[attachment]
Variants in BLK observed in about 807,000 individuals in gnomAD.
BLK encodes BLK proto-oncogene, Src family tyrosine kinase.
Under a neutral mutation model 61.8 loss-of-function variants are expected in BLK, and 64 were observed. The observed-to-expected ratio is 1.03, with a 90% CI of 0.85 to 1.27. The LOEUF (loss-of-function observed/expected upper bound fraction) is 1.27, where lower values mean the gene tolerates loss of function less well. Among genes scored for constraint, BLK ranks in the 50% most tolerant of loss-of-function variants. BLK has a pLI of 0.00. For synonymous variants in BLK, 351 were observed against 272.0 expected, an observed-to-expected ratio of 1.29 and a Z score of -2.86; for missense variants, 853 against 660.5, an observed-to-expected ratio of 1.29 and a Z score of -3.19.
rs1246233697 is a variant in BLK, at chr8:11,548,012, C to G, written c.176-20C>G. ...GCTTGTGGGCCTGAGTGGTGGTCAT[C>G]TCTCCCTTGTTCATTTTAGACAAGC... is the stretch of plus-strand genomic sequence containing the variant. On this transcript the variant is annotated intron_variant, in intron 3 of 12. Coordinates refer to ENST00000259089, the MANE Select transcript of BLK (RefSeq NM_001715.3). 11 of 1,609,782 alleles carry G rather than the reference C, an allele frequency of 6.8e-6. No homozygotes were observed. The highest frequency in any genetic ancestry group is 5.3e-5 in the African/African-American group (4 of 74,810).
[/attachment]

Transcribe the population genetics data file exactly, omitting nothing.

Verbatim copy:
Variants in BLK observed in about 807,000 individuals in gnomAD.
BLK encodes BLK proto-oncogene, Src family tyrosine kinase.
Under a neutral mutation model 61.8 loss-of-function variants are expected in BLK, and 64 were observed. The observed-to-expected ratio is 1.03, with a 90% CI of 0.85 to 1.27. The LOEUF (loss-of-function observed/expected upper bound fraction) is 1.27, where lower values mean the gene tolerates loss of function less well. Among genes scored for constraint, BLK ranks in the 50% most tolerant of loss-of-function variants. BLK has a pLI of 0.00. For synonymous variants in BLK, 351 were observed against 272.0 expected, an observed-to-expected ratio of 1.29 and a Z score of -2.86; for missense variants, 853 against 660.5, an observed-to-expected ratio of 1.29 and a Z score of -3.19.
rs1246233697 is a variant in BLK, at chr8:11,548,012, C to G, written c.176-20C>G. ...GCTTGTGGGCCTGAGTGGTGGTCAT[C>G]TCTCCCTTGTTCATTTTAGACAAGC... is the stretch of plus-strand genomic sequence containing the variant. On this transcript the variant is annotated intron_variant, in intron 3 of 12. Coordinates refer to ENST00000259089, the MANE Select transcript of BLK (RefSeq NM_001715.3). 11 of 1,609,782 alleles carry G rather than the reference C, an allele frequency of 6.8e-6. No homozygotes were observed. The highest frequency in any genetic ancestry group is 5.3e-5 in the African/African-American group (4 of 74,810).